Munich Switching to Windows from Linux Is Proof That Microsoft Is Still an Evil Company

The reports of Linux' demise have been greatly exaggerated

  Linux is not giving up that easily
Reports about the city of Munich authorities that are considering the replacement of Linux with Microsoft products mostly comes from one man, the Deputy Mayor of Munich, who is also a long-term self-declared Windows fan.

Reports about the city of Munich authorities that are considering the replacement of Linux with Microsoft products mostly comes from one man, the Deputy Mayor of Munich, who is also a long-term self-declared Windows fan.

Munich is the poster child for the adoption of a Linux distribution and the replacement of the old Windows OS. It provided a powerful incentive for other cities to do the same, and it's been a thorn in Microsoft's side for a very long time.

The adoption of open source software in Munich started back in 2004 and it took the local authorities over 10 years to finish the process. It's a big infrastructure, but in the end they managed to do it. As you can imagine, Microsoft was not happy about it. Even the CEO of Microsoft, Steve Ballmer, tried to stop the switch to Linux, but he was too late to the party.

The more naive users might think that Microsoft stopped there, but it has been lobbying around the clock to counter this blow to their image, especially now that multiple cities are following Munich's example. The new voice of Microsoft might just be the Deputy Mayor of Munich, Josef Schmid, who said a while ago that he was a fan of Microsoft products, or at least this is what the German websites report.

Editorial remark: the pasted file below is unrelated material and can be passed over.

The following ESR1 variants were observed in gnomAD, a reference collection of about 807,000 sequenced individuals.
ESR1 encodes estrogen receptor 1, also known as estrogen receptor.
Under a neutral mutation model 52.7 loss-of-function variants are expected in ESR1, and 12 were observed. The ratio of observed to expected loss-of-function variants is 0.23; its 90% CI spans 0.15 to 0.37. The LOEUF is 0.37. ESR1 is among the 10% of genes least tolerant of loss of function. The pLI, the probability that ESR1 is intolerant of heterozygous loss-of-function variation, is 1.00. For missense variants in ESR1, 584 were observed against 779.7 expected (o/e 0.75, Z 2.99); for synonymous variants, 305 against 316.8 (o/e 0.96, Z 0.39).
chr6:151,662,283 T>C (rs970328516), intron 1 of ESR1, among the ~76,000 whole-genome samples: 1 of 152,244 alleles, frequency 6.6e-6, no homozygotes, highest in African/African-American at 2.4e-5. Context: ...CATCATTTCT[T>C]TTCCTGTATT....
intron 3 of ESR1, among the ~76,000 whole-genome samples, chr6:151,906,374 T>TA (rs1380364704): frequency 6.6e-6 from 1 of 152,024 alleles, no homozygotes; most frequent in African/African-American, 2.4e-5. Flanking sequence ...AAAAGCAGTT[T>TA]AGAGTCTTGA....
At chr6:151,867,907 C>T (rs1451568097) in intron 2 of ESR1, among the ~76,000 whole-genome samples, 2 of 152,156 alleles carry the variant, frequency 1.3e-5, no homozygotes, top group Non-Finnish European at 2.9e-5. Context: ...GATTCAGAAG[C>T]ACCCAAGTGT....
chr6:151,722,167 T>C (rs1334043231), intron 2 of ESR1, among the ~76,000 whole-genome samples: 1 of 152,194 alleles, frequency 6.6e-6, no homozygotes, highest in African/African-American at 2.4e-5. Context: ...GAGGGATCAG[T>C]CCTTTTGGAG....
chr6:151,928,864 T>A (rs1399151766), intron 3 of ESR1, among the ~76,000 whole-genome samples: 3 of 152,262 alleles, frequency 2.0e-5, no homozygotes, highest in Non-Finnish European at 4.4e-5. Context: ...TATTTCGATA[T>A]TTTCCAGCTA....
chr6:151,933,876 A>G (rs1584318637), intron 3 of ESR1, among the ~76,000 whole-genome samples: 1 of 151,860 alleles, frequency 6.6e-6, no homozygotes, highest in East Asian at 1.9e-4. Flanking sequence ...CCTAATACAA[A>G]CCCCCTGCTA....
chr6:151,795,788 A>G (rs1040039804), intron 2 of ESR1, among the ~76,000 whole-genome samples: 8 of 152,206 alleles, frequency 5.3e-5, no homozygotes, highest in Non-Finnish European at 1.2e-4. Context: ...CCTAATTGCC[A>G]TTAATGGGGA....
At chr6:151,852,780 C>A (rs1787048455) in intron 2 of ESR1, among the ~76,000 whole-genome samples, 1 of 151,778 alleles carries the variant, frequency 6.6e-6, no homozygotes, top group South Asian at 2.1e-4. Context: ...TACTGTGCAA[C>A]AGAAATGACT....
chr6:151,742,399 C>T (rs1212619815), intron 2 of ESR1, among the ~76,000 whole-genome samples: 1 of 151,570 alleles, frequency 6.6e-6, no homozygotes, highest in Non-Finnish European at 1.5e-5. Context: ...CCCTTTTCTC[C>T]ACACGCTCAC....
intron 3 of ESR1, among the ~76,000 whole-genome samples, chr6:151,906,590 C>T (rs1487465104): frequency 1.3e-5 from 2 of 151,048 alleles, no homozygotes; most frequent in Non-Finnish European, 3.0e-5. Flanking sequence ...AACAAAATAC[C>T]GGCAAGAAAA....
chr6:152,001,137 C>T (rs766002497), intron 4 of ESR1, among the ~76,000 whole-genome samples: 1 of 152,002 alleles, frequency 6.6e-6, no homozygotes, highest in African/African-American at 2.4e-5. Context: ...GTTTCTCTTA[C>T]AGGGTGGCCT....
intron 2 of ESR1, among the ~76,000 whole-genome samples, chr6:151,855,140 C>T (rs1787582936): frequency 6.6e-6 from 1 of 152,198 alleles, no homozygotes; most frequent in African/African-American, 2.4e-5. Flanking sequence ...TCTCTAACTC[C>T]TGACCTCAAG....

The entire discussion about a return of Windows to Munich was started by the current Deputy Mayor, who is not a supporter of LiMux, the current Linux operating system used throughout the city. He had a number of reasons to exemplify why Linux was bad. He said that people were unhappy with Linux, but he didn't actually provide any kind of proof to this matter. He added that he had to wait for someone to set up an email server on his phone, and that he "thought" that Linux applications were lagging behind similar Microsoft products.

The City Council doesn't agree with what he's saying, and the former LiMux project manager, Peter Hofmann, said basically the same thing.

Now, getting Microsoft products to replace something like the LiMux infrastructure is a difficult thing to do, even if the Mayor had the support of the City Council, which he doesn't. The entire discussion seems to be just a political maneuver to help Microsoft save some face after all the battles that it lost so far.

Microsoft did manage to clean its image as a bully that was keeping everyone down for a profit, but you have to remember that it's still a huge company and that it will retaliate severely when it will feels threatened.

What is certain is the fact that LiMux is not going anywhere, at least not anytime soon. The problem is that this story is now in the open and that a part of the audience will only remember the fact that a city is facing some problems with Linux and that it might not be that great.

It's difficult to anticipate what will happen next, but I'm pretty sure that Microsoft's offensive is not stopping here. It's a company that can still show the world it's doing whatever it must to succeed, no matter the costs.

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